Category Archives: Politics

Rigged Elections Do Have Consequences

 

Isn’t it beautiful irony that during the campaign Trump claimed the election was being rigged against him, while all along it was being rigged for him?

The Russians (bless their little Ruskie hearts) are being accused of hacking the Democratic National Committee’s computer system in an effort to influence the results of the recent presidential election. Virtually everyone across the political spectrum (except for Trump, who may have benefited from this activity) have expressed outrage over Russia’s blatant attempt to interfere with the delicate balance of American democracy.

And rightly so, because if voters lose confidence in the validity of election results, the divisiveness existing in our current political environment will be exacerbated; maybe to the point of undermining the authenticity of our democracy. This potential problem extends beyond our own shores, because if our election results are brought into question, no longer will America be able to present itself as the model of democracy for other countries to emulate.

If (and there is little doubt) that Russian hackers did make an effort to impact the presidential election, it is a clear violation of our national sovereignty that is so egregious it could be considered an act of war, worthy of retribution. But there is a problem: Russia has, of course, denied any hand in such nefarious activity. For the American government to call out Russia by offering clear evidence that the cyber-attack was initiated and sponsored by the Russian government (maybe all the way up to Putin), the American intelligence services would have to reveal how they know what they know about the Russian activity. Doing so would expose America’s own capabilities to hack into Russian systems; obviously something the intelligence community does not want others to know.

Responding with nothing more than a hissy fit …

In response to Russia’s blatant cyber-attack on our democracy, about all the American government can do publicly is fret and stew over the incident. Investigations can be undertaken and Congressional hearings can shine an indignant spotlight on Russian activities and assume a holier-than-thou stance. The American government can take the high-ground and show the world how despicable the Russian government is by attempting to interfere in the internal affairs of a sovereign nation, but it can do little else publicly.

There is one problem when it comes to America taking this approach. Our government does not come to the party with “clean hands.” It is like the old cliché of “reaping what you sow.” The painful truth is that America has a long history of attempting to meddle, influence and even rigging elections in other sovereign countries. Examples of this type of American meddling in the elections of numerous democratic countries could – and has – filled numerous books.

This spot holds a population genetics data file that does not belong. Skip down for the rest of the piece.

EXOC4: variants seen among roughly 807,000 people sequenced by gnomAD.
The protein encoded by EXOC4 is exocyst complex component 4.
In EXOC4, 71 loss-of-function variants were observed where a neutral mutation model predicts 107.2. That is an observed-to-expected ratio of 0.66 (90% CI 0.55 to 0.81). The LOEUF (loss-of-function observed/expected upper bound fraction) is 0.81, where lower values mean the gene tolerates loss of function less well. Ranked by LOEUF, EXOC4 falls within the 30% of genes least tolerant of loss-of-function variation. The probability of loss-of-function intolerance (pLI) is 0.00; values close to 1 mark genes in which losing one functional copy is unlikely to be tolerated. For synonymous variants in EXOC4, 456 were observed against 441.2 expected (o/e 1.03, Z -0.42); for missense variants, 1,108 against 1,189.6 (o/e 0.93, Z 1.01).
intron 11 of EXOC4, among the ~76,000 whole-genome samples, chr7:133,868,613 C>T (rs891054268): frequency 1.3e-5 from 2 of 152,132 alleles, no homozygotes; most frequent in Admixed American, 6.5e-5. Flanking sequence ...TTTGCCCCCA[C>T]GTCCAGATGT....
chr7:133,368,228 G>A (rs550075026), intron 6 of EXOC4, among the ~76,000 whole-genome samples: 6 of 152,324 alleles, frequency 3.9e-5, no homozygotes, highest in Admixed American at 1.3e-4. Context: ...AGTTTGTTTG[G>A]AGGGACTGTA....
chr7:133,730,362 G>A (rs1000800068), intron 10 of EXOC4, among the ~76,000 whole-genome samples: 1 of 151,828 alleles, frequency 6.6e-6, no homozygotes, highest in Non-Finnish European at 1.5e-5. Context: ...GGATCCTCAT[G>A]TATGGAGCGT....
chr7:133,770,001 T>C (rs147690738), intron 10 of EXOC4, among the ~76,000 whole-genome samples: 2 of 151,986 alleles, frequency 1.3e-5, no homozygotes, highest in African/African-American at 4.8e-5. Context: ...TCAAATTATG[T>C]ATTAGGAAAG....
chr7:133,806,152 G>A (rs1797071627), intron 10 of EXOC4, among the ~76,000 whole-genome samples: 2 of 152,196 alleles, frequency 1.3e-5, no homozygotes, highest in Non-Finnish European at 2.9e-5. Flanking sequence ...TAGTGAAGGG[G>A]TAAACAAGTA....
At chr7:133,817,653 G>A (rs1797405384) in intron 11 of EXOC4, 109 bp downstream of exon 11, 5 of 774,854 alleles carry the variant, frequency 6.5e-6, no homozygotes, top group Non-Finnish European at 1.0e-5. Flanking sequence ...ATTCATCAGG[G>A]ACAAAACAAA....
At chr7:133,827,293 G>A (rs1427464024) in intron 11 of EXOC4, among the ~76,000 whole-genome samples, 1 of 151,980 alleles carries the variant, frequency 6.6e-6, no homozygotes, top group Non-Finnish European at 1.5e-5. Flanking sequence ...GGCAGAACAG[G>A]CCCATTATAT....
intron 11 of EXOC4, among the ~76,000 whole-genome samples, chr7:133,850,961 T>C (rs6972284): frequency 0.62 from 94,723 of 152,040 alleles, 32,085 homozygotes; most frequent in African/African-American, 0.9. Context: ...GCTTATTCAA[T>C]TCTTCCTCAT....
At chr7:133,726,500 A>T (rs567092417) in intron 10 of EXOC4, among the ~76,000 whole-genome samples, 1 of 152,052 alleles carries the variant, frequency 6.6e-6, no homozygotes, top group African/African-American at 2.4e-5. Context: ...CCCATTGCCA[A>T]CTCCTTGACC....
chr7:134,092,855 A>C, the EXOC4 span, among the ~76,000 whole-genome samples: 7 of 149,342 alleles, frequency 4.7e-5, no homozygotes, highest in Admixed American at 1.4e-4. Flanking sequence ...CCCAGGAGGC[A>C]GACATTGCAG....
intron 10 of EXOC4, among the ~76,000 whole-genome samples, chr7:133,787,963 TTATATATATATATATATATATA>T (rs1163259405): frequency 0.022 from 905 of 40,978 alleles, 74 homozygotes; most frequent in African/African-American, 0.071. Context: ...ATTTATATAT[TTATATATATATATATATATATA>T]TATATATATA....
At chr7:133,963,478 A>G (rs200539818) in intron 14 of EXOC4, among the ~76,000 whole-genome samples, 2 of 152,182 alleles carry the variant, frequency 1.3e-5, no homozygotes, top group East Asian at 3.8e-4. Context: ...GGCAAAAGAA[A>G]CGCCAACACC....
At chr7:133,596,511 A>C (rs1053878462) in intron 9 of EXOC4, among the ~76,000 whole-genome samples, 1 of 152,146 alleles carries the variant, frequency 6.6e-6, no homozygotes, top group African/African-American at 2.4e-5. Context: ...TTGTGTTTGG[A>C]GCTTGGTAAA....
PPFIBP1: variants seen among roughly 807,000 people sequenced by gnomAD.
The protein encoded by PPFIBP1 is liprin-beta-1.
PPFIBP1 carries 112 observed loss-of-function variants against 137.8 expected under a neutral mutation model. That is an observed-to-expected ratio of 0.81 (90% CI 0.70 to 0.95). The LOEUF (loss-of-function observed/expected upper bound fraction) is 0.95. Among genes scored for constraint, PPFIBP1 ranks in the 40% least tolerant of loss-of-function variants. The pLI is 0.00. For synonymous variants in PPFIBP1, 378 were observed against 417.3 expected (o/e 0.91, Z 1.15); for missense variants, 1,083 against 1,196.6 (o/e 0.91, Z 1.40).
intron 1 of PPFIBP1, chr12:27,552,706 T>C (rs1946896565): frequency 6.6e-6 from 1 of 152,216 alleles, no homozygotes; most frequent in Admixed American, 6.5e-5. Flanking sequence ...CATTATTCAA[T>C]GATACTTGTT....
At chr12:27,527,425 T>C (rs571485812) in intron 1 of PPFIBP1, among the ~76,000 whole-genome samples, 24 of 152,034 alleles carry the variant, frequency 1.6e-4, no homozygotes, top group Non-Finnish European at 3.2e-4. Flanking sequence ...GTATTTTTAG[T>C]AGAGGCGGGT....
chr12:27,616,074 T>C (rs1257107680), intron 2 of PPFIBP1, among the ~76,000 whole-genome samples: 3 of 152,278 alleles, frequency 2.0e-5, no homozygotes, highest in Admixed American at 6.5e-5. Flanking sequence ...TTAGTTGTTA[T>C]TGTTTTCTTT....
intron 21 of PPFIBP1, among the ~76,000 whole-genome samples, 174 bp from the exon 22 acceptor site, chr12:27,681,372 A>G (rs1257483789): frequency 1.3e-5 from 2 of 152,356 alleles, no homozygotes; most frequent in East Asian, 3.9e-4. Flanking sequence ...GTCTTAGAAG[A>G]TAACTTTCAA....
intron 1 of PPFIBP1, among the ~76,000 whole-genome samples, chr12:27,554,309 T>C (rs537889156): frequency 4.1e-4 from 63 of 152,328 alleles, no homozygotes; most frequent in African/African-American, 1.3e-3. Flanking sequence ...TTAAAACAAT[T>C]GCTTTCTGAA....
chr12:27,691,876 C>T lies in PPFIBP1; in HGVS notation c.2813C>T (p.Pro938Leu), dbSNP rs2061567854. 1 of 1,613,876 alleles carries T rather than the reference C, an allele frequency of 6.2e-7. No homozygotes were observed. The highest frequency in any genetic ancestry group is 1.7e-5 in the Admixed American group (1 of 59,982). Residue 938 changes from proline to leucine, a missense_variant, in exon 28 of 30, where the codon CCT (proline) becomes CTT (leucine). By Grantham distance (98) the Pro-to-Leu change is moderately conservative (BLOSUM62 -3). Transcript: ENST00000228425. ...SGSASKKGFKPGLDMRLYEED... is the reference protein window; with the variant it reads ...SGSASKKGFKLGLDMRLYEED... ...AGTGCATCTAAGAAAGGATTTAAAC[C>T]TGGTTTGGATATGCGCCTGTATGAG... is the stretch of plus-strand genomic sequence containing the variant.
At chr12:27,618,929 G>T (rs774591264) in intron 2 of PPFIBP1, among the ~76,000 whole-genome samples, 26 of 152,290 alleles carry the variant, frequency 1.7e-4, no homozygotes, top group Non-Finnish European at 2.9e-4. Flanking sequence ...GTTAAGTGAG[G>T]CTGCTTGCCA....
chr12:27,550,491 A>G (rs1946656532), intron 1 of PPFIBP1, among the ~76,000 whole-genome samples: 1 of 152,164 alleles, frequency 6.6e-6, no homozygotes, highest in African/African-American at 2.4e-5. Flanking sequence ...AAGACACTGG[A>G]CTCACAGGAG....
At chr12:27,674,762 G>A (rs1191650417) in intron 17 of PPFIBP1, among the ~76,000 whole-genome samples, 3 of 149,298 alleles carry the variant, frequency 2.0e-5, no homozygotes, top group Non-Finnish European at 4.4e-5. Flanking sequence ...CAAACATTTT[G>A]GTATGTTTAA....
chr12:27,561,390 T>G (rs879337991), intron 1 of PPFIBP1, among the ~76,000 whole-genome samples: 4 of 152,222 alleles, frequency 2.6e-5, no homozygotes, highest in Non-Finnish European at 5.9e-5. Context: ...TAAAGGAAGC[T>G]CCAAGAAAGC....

“Nation building” and “regime change” have been the basic stratagems of American foreign policy for two centuries. The objective has been to try to assure that the governments of independent countries are sympathetic to the political and economic interests of America. Tactics employed have ranged from funding those who support American interests, all the way to fomenting and financing coups against democratically elected leaders who disagree with American policies. Some efforts to “influence” the “election” of governments favorable to American policy went so far as to include military action and occupation.  

One of the clearest examples of American meddling in the internal affairs of another country involves Iran. In 1953 Mohammed Mossadegh was the democratically elected Prime Minister of Iran. His “mistake” was to oppose the economic interests of America in the Middle East. The CIA funded and fomented a violent coup that replaced Mossadegh with a guy who became to be known as The Shaw of Iran. We all know how that turned out.

In 1954 the CIA instigated and financed the overthrow of the democratically elected president of Guatemala, Jacobo Arbenz. His “sin” was to challenge the politically connected United Fruit Company, a U.S. corporation. The CIA subsequently backed a series of dictators who maltreated the people of Guatemala for almost 50 years.

One of the most infamous episodes of American attempts to meddle in and influence democratic elections in sovereign countries occurred in 1973. Salvador Allende, an avowed Socialist, had been democratically elected president of Chile in 1970. His policies of industrial nationalization soon had him on the wrong side of American interests. President Nixon personally orchestrated the overthrow of the Allende government and the installation of the ruthless dictator, General Augusto Pinochet. (Allende was said to have “committed suicide” when the CIA backed “rebels” stormed the Chilean Presidential Palace.)